Ninth Regular Meeting of the Prespa Park Coordination Committee. The Ninth Regular Meeting of the Prespa Park Coordination Commitee took place in Korcha, Albania, on 20-21 November. Established in 2000 under the aegis of the Ramsar Convention, the Coordination Committee is tasked with facilitating the management of the transboundary Ramsar site of Prespa shared between Albania, FYR of Macedonia, and Greece. The participants discussed progress on current projects undertaken in the area, including work on reducing environmental impacts of agriculture in the Albanian and FYR of Macedonia parts of the lakes; solid waste management in FYR of Macedonia; sustaining transborder cooperation and local sustainable development in protected areas of the lake region of Ohrid and Prespa. Side meetings took place during the event among others on transboundary coordination of the forest services of Korcha and Florina for combating illegal logging in the Albania-Greece border and development of national spatial plans in the Prespa Park region. MedWet Secretariat Coordinator Spyros Kouvelis participated in the meeting representing the Ramsar Convention and MedWet. For more information on the Transboundary Park of Prespa you can view the Web site of the Park here. (Source: Vivi Roumeliotou, Prespa Park Coordination Commitee Secretariat - Society for the Protection of Prespa). [23/11/06]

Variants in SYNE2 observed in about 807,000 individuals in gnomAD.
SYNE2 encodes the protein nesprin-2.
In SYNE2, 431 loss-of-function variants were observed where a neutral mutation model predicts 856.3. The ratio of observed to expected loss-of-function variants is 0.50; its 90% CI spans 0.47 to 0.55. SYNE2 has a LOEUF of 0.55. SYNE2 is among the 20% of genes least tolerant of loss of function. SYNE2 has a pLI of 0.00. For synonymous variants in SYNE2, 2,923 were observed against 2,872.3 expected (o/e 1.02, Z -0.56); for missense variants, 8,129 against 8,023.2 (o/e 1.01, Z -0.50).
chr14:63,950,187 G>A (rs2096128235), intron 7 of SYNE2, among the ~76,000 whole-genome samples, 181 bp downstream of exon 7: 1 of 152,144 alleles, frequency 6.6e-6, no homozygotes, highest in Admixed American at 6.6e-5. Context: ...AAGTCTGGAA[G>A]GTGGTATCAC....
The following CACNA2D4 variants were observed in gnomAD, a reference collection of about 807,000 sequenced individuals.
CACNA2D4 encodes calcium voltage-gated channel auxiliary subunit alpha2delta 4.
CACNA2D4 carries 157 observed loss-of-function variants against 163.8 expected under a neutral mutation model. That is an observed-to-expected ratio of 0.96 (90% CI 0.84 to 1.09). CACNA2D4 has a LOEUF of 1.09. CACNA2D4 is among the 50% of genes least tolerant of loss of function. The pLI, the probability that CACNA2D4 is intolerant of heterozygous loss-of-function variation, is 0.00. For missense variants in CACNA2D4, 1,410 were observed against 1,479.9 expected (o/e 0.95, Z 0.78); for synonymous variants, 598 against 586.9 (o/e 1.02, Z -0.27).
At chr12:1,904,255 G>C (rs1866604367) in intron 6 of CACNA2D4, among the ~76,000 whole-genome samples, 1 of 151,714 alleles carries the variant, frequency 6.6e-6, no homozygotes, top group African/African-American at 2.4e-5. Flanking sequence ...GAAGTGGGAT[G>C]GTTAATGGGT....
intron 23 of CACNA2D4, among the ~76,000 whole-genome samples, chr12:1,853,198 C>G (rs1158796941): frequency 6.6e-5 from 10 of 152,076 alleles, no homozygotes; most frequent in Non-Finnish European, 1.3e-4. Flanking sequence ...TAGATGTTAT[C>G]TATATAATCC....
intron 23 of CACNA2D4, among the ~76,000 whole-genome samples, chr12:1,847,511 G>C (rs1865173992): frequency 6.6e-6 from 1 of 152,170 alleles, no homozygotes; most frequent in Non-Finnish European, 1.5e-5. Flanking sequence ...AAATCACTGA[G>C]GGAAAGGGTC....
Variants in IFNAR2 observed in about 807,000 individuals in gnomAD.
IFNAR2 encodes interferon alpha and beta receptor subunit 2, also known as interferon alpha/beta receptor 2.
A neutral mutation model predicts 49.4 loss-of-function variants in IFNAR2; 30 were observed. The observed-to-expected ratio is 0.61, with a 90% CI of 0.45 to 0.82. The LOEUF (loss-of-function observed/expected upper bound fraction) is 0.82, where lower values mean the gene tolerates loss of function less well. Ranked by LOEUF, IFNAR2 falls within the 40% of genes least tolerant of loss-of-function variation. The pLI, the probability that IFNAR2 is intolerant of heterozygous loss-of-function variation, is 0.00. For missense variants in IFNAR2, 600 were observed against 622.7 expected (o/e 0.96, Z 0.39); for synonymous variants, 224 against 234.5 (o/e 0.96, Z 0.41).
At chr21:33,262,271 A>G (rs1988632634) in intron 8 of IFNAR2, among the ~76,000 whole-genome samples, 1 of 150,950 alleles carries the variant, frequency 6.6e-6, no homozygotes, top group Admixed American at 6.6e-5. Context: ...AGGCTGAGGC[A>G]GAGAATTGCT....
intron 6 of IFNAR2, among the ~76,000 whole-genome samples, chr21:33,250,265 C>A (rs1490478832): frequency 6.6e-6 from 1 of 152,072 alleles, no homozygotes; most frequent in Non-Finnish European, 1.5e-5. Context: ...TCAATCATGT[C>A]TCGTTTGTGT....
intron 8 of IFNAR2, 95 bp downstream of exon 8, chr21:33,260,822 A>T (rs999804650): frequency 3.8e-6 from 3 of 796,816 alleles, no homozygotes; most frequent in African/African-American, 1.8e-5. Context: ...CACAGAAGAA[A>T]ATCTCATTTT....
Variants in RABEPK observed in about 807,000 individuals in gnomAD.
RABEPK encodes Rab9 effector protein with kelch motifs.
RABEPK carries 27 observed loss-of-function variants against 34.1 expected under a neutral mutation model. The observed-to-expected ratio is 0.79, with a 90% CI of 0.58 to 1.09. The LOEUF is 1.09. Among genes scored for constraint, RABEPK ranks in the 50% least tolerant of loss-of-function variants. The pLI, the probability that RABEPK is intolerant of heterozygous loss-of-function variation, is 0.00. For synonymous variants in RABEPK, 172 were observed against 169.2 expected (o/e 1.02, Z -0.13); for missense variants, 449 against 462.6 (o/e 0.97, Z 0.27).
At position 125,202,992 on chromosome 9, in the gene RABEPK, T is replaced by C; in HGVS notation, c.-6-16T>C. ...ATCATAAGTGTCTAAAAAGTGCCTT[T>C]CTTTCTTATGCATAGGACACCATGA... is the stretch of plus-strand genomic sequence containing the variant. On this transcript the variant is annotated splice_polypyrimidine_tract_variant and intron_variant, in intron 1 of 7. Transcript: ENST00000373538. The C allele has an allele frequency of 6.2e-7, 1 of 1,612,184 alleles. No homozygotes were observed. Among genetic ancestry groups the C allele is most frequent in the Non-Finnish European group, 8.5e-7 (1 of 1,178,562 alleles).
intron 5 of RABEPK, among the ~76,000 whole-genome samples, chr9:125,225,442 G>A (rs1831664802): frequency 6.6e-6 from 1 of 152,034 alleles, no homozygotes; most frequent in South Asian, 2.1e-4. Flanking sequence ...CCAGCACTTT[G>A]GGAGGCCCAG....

"Wings Over Wetlands" launched, 20 November. A major GEF project on sustainable wetland networks for migratory waterbirds in Africa and Eurasia was launched on 20 November 2006 in Bonn, Germany, by an expert panel which included Tobias Salathé, the Ramsar Secretariat's Senior Advisor for Europe (photo). The US$12 million Wings Over Wetlands (WOW) Project is the largest international wetland and waterbird conservation initiative ever undertaken in the African-Eurasian region and is intended to conserve the critical areas needed by waterbirds migrating across these continents. The Project was designed and is being implemented as a collaborative effort between Wetlands International and BirdLife International, with support from the United Nations Office for Project Services (UNOPS) and UNEP/GEF.